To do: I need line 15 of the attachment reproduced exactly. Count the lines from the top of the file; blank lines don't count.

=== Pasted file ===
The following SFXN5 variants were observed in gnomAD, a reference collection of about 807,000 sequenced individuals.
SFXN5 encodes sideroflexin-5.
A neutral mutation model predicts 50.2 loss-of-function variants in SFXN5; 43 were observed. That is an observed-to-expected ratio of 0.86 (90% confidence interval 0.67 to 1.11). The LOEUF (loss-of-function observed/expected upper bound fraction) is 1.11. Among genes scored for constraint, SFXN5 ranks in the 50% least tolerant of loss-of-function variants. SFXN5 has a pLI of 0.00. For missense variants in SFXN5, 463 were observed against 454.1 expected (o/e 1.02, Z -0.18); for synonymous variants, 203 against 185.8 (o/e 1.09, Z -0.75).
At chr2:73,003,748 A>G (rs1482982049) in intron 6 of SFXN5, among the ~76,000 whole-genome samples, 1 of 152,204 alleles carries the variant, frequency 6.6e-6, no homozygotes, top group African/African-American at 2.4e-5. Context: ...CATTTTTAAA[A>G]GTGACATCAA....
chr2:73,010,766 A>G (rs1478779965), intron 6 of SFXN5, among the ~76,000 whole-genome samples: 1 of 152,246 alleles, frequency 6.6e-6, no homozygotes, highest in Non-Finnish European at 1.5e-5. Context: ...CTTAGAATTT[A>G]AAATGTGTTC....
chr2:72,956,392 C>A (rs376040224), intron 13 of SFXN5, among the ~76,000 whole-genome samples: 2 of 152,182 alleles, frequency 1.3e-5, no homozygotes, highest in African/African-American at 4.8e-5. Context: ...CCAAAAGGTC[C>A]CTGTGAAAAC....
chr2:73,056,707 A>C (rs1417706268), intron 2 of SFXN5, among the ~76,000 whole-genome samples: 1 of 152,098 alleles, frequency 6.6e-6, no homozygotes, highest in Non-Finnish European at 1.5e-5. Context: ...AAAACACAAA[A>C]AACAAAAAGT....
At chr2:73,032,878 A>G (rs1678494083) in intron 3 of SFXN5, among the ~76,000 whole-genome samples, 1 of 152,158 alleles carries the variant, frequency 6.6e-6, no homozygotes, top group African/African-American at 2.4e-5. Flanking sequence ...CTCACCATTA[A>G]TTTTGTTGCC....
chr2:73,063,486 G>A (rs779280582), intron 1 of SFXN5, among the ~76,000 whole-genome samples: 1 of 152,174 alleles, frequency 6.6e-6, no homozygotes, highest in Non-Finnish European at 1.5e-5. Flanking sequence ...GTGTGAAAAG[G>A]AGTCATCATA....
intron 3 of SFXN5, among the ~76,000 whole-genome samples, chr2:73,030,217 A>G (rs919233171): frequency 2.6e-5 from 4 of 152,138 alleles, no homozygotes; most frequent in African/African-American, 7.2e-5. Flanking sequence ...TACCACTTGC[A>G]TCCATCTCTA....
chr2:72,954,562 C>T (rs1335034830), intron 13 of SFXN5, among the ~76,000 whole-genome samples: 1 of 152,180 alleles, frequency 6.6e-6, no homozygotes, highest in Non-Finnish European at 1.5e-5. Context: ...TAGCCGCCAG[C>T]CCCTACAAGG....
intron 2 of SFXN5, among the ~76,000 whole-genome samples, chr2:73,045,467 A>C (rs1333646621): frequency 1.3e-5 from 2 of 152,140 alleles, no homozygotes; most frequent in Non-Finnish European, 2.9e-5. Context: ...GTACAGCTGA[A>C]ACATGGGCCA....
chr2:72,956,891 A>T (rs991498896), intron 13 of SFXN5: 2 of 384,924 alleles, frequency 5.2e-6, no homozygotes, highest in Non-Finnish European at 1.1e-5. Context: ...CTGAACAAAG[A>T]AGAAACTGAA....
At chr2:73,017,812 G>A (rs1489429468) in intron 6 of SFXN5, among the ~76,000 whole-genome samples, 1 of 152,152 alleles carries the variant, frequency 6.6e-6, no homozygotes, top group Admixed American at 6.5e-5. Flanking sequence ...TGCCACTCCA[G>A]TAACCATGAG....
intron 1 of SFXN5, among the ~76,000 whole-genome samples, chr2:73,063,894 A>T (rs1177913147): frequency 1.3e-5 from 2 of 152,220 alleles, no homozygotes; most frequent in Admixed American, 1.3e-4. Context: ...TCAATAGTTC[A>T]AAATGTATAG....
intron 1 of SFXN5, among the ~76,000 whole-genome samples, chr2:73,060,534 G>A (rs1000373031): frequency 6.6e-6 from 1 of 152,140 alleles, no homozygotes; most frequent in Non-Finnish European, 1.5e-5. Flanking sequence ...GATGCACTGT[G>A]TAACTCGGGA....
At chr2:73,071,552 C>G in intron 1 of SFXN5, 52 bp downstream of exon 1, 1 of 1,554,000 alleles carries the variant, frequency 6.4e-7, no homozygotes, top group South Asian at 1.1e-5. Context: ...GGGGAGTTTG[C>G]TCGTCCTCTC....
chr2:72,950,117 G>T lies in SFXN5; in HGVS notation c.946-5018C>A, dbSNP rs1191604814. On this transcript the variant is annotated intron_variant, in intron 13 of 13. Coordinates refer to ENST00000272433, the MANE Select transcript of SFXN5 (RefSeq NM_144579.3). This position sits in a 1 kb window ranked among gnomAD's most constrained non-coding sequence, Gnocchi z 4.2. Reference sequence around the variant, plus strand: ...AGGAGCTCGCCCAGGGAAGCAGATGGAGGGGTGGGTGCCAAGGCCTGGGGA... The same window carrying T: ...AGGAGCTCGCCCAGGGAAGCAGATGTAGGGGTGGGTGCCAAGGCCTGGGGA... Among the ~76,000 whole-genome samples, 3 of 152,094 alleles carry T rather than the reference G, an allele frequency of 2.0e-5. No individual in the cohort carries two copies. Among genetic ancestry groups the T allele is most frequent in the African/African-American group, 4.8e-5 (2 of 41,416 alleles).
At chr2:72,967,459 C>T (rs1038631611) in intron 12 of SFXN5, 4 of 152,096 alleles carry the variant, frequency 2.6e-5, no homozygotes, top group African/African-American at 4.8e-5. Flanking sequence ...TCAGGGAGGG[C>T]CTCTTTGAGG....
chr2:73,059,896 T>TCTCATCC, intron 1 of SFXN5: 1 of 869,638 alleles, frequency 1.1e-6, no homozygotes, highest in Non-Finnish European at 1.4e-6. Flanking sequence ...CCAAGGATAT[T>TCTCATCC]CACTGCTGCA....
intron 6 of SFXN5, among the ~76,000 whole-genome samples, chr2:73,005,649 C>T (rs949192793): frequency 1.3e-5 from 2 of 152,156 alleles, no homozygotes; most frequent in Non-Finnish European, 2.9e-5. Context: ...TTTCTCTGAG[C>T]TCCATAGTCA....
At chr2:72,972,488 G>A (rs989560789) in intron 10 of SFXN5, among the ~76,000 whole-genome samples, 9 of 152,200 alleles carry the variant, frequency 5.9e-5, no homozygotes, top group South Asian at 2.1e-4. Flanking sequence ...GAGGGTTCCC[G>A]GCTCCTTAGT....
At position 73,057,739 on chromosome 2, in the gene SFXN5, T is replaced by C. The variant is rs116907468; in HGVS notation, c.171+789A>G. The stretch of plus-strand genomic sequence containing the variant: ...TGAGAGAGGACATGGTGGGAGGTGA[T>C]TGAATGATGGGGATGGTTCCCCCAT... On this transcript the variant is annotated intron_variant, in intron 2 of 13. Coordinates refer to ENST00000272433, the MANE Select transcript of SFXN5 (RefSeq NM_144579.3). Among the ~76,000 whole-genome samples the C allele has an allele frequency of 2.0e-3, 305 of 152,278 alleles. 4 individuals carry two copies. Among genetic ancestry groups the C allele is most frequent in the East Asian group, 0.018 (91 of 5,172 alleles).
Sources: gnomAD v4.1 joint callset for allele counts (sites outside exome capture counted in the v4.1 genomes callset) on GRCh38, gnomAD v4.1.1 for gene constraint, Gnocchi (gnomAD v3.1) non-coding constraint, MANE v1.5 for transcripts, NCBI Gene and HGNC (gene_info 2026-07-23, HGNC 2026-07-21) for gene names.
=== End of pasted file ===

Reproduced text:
intron 1 of SFXN5, among the ~76,000 whole-genome samples, chr2:73,063,894 A>T (rs1177913147): frequency 1.3e-5 from 2 of 152,220 alleles, no homozygotes; most frequent in Admixed American, 1.3e-4. Context: ...TCAATAGTTC[A>T]AAATGTATAG....